But guess what: The Blue Devils are not playing Michigan State on Monday night. Rather, they are going up against the most efficient offense in the country, headed by the two most versatile big men in America.

On the other hand, Duke has been doing such a stellar job shutting off dribble penetration that it’s easy to envision Wisconsin guards Bronson Koenig, Traevon Jackson and Josh Gasser having an off night. Remember, Wisconsin leads the nation in turnover percentage and is ranked 345th in tempo. The Badgers rely heavily on their ability to control the ball. If the Blue Devils can force turnovers and get a few runouts, that could be the difference in a close, low-scoring game.

2. Which Sam Dekker will show up?

For casual fans who are just tuning in to the NCAA tournament, Wisconsin’s 6’9” junior forward looks like a consensus All-American. That was not the case for most of the season, and it was especially not true in the Badgers’ loss to Duke in Madison on Dec. 3. On that night, Dekker was hobbled by a lingering ankle sprain and scored five points on five shots. There’s a chance he will take that many shots by the first TV time out on Monday night.

Dekker is playing with maximum efficiency and extreme confidence. On a team that includes the national player of the year, he has been the Badgers’ best asset. His team will need another peak performance to claim the title. So which Dekker will they get: The Dud or The Dude?

3. Can Jahlil Okafor stay out of foul trouble?

Most college basketball teams do not have a forward who is capable of defending Duke’s freshman center in the post without needing help. The Badgers have four. Wisconsin also leads the nation in defensive free throw rate. This team is expert at getting opposing players into foul trouble while keeping its own big guys on the floor.

Okafor has not been dominant lately from a scoring perspective—he scored 18 points in the semifinal against Michigan State but failed to reach double digits in either of the two games in the South regional last week—but his presence forces defenses to adjust. If he’s not in the game, the Badgers can be more aggressive covering Duke’s three-point shooters. Moreover, if Okafor is in foul trouble, the Badgers are probably cashing in at the free throw line. Wisconsin outscored Kentucky by nine on the foul line and by seven on the scoreboard Saturday night. That is not a coincidence.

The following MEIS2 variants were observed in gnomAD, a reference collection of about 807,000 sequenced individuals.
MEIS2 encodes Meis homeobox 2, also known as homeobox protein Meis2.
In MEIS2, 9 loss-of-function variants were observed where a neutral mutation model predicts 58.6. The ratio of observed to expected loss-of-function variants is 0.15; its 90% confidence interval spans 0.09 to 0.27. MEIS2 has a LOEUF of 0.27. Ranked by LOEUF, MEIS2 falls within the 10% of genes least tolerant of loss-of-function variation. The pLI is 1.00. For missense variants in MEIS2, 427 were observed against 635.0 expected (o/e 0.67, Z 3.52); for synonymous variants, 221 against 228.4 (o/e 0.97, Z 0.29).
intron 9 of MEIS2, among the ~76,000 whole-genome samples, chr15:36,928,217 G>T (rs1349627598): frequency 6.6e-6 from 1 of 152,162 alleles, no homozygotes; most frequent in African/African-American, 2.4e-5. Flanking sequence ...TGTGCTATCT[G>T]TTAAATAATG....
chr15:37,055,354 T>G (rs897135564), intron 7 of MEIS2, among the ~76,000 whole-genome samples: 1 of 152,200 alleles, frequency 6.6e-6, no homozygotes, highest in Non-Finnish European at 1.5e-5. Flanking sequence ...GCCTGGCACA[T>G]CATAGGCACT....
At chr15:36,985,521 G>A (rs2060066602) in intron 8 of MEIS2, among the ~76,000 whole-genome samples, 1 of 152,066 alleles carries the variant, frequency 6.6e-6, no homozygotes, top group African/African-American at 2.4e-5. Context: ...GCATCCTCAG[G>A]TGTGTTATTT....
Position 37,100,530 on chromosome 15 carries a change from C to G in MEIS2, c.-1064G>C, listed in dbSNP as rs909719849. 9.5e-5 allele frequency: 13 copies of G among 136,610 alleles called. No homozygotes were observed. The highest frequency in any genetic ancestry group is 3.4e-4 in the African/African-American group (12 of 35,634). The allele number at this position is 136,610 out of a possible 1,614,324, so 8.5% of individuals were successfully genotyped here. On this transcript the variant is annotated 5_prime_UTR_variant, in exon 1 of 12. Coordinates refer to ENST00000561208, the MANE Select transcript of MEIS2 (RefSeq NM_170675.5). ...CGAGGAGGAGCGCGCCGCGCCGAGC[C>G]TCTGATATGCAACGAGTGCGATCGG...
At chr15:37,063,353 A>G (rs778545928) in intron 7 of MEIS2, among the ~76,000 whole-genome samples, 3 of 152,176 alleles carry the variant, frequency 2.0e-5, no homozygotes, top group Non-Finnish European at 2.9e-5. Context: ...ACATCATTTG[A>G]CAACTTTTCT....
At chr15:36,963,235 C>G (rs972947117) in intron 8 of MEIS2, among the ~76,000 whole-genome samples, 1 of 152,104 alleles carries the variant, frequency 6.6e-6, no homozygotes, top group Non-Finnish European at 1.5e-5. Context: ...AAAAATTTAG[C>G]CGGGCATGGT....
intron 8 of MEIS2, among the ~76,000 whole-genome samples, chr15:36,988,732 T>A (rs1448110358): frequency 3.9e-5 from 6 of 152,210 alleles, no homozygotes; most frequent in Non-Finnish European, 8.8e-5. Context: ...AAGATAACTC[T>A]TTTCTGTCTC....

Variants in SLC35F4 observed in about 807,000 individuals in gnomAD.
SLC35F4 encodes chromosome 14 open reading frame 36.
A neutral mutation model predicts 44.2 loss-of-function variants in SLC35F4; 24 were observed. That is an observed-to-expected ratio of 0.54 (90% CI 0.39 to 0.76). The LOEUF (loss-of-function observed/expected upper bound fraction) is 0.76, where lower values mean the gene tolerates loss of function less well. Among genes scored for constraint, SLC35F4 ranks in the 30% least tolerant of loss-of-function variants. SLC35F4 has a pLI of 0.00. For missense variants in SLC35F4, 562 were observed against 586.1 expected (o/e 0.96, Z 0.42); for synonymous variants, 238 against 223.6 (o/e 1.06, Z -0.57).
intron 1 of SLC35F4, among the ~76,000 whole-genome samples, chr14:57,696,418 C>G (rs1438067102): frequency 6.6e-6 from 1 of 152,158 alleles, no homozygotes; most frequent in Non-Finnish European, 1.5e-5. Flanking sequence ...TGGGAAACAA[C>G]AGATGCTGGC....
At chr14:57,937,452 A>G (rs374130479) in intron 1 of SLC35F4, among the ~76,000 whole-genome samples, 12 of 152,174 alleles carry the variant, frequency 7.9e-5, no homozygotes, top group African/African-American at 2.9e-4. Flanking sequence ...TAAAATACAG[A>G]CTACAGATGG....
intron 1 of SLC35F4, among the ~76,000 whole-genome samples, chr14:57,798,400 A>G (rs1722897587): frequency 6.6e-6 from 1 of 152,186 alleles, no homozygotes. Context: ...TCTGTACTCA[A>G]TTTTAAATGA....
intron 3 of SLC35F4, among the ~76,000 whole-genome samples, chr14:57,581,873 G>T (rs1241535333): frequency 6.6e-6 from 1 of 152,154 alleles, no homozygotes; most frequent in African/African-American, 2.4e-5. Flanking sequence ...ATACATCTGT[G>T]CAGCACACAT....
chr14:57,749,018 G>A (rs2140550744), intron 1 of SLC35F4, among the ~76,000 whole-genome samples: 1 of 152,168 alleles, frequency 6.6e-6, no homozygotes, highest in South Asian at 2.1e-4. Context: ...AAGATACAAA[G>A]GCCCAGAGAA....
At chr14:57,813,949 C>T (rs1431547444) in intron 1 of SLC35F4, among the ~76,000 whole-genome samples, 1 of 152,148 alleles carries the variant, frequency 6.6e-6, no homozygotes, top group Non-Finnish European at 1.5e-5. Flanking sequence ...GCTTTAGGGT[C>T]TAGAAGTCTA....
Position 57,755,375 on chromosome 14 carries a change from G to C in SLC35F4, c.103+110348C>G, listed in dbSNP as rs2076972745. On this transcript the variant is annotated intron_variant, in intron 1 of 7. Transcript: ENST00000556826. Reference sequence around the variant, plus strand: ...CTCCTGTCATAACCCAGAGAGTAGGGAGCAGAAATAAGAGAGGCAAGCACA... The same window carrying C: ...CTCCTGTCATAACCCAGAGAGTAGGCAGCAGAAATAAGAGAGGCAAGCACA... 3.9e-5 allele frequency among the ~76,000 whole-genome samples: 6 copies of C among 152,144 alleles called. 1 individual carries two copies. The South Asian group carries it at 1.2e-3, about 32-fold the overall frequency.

4. Will Duke make seven or more three-pointers?

That’s how many treys the Blue Devils made (on just 12 attempts) when they carved up the Badgers in Madison. It will probably require at least that many for Duke to prevail in the final.

Wisconsin is a good defensive team, but defending the three-point line is not a big emphasis. The Badgers are ranked 309th nationally in three-point defense (37.6%) and 325th in steals percentage. They won’t foul you or let you score at the rim, but they will let you run your offense and shoot over them. Duke needs to maximize those opportunities.

Incidentally, it’s not just the usual suspects, Quinn Cook and Tyus Jones, who need to come through. Junior guard Rasheed Sulaimon came off the bench to score 14 points in the first meeting, but after Krzyzewski dismissed Sulaimon, two other guards, sophomore Matt Jones and freshman Grayson Allen, saw their minutes spike. Both are better three-point shooters than Sulaimon. Duke needs at least one, and more likely both, to chip in.

Why Duke can win the national championship

Sports Illustrated’s Pete Thamel and Brian Hamilton discuss why the Duke Blue Devils are a team built with all the right pieces to win a national championship.

5. How much does Wisconsin have left in the tank?

I refer not to Frank Kaminsky, but the proverbial, metaphysical tank that stores mental and physical energy. If you saw the footage of the Badgers’ postgame locker room celebration Saturday night, you did not see a team that appeared to be focused intently on the task at hand. Yes, the players had good reason to celebrate, but it is not the best way to get mentally prepared for one final battle.

Many excellent teams have been undone by success, so it will require every ounce of effort for Wisconsin to get mentally prepared for this game. This is an old, mature roster that does not include a single player who was a McDonald’s All-American coming out of high school. These kids have been given nothing. They understand the value of focus and hard work. And in case they don’t, they have a grizzled veteran of a coach to remind them. History says this is difficult, but not impossible. After all, the last time an undefeated team (UNLV) lost in the Final Four (1991), the team that beat it (Duke) went on to win the championship.

THE PICK

O.K., it’s time for some answers. So here they are:

1. Very

2. The Dude

3. Not likely

4. Yes

5. Just enough

Wisconsin 69, Duke 66

This article originally appeared on SI.com

Read next: A Wisconsin-Duke Final Is Just Fine

Listen to the most important stories of the day.

TIME Basketball

These Maps Show the Most Talked-About Final Four Team in Each State

Kentucky looks to be the fan favorite on social media

If Facebook could predict winners, Kentucky would take home the championship title in the 2015 NCAA Division 1 Men’s Basketball Tournament.

The social media site has used its data to put together two maps that reveal fan favorites by state. In the first, you can see how each state breaks down according to how many people “like” the team’s page on Facebook.

Facebook FF Likes Map